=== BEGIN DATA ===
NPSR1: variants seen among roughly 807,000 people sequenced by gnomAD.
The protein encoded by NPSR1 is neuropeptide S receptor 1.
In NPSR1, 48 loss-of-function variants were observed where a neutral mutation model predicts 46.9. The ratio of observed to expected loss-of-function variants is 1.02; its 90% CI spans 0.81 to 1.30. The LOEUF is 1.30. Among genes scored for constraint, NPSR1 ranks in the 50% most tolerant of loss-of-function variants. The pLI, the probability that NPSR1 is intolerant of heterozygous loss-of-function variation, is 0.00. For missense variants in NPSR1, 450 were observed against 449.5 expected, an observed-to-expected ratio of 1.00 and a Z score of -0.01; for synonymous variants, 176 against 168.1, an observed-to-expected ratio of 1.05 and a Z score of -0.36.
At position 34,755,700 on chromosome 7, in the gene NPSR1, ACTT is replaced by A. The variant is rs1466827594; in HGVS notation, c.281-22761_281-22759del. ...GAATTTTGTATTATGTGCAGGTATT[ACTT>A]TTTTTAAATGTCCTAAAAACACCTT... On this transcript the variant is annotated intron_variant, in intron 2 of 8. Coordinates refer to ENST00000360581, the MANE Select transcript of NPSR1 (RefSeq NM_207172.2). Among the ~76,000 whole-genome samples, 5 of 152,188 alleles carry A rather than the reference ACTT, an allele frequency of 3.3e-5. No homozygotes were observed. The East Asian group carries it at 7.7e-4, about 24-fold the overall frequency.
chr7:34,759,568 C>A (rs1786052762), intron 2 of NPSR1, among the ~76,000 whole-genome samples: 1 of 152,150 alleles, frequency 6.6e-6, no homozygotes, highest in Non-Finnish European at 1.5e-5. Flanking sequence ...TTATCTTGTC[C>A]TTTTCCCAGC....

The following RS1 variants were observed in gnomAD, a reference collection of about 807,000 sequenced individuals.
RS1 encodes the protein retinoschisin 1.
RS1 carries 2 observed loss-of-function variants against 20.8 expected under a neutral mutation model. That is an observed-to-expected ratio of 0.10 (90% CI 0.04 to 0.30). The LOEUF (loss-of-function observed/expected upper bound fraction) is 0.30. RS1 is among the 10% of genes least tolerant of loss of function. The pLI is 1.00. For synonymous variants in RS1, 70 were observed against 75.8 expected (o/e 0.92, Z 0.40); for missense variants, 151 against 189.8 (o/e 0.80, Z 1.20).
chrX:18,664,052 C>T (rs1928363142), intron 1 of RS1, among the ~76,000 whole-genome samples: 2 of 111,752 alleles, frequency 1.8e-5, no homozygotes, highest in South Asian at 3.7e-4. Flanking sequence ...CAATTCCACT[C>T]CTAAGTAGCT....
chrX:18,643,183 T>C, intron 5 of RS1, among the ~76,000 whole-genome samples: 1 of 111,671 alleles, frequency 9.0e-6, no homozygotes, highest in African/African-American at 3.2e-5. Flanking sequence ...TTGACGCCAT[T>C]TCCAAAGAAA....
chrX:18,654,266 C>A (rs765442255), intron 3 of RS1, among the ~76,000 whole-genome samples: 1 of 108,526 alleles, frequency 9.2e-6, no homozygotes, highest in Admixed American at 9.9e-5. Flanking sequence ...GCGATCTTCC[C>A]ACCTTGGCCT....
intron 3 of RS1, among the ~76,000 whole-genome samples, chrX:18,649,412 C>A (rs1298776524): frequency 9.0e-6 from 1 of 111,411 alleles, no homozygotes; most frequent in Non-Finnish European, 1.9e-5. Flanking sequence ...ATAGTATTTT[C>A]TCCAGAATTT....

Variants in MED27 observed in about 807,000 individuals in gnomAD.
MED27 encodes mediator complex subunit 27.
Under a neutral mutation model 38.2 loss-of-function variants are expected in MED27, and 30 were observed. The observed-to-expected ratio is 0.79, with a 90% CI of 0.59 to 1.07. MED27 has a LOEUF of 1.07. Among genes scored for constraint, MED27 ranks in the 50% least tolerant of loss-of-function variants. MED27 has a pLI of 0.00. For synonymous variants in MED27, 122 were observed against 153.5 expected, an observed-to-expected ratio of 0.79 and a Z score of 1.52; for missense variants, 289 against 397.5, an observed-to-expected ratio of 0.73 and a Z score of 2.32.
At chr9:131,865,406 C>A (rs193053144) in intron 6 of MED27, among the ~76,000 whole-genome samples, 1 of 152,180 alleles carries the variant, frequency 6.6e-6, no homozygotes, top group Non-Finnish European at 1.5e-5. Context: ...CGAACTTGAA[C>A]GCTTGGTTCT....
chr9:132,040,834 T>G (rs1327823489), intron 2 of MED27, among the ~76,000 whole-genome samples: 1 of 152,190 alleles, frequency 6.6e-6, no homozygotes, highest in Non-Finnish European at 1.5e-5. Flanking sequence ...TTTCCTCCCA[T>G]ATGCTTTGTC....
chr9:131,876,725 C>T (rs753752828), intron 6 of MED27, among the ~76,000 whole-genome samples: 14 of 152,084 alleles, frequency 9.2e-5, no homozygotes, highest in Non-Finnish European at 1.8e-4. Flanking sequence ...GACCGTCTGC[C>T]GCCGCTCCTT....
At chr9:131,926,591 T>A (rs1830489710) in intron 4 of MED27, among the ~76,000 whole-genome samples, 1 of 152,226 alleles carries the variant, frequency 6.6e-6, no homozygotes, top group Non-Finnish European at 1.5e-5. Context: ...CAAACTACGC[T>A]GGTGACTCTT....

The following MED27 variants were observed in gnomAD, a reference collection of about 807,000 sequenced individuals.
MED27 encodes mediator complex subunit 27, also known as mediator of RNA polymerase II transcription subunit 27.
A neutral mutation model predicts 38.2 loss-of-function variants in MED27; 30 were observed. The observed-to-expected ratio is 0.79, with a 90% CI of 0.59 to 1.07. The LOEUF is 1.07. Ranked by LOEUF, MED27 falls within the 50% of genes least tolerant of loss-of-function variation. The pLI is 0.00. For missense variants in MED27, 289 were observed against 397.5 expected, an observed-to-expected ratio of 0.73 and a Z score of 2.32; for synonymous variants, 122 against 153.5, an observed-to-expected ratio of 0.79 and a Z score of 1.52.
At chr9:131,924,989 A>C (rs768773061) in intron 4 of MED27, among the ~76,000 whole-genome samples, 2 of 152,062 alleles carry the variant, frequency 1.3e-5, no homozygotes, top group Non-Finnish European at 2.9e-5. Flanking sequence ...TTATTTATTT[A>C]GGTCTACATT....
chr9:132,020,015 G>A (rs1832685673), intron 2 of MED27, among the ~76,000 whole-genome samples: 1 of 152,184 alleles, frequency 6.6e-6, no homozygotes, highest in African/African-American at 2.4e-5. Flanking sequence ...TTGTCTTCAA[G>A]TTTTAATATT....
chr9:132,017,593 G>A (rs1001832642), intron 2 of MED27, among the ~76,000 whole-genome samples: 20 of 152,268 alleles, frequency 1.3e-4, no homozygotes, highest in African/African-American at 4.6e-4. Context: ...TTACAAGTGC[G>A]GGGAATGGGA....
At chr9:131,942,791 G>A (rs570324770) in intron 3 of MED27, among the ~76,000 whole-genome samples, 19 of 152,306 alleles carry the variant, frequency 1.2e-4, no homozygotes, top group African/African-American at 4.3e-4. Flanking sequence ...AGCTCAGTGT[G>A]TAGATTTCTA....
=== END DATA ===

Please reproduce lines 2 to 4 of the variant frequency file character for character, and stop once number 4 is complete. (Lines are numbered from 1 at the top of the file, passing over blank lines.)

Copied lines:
The protein encoded by NPSR1 is neuropeptide S receptor 1.
In NPSR1, 48 loss-of-function variants were observed where a neutral mutation model predicts 46.9. The ratio of observed to expected loss-of-function variants is 1.02; its 90% CI spans 0.81 to 1.30. The LOEUF is 1.30. Among genes scored for constraint, NPSR1 ranks in the 50% most tolerant of loss-of-function variants. The pLI, the probability that NPSR1 is intolerant of heterozygous loss-of-function variation, is 0.00. For missense variants in NPSR1, 450 were observed against 449.5 expected, an observed-to-expected ratio of 1.00 and a Z score of -0.01; for synonymous variants, 176 against 168.1, an observed-to-expected ratio of 1.05 and a Z score of -0.36.
At position 34,755,700 on chromosome 7, in the gene NPSR1, ACTT is replaced by A. The variant is rs1466827594; in HGVS notation, c.281-22761_281-22759del. ...GAATTTTGTATTATGTGCAGGTATT[ACTT>A]TTTTTAAATGTCCTAAAAACACCTT... On this transcript the variant is annotated intron_variant, in intron 2 of 8. Coordinates refer to ENST00000360581, the MANE Select transcript of NPSR1 (RefSeq NM_207172.2). Among the ~76,000 whole-genome samples, 5 of 152,188 alleles carry A rather than the reference ACTT, an allele frequency of 3.3e-5. No homozygotes were observed. The East Asian group carries it at 7.7e-4, about 24-fold the overall frequency.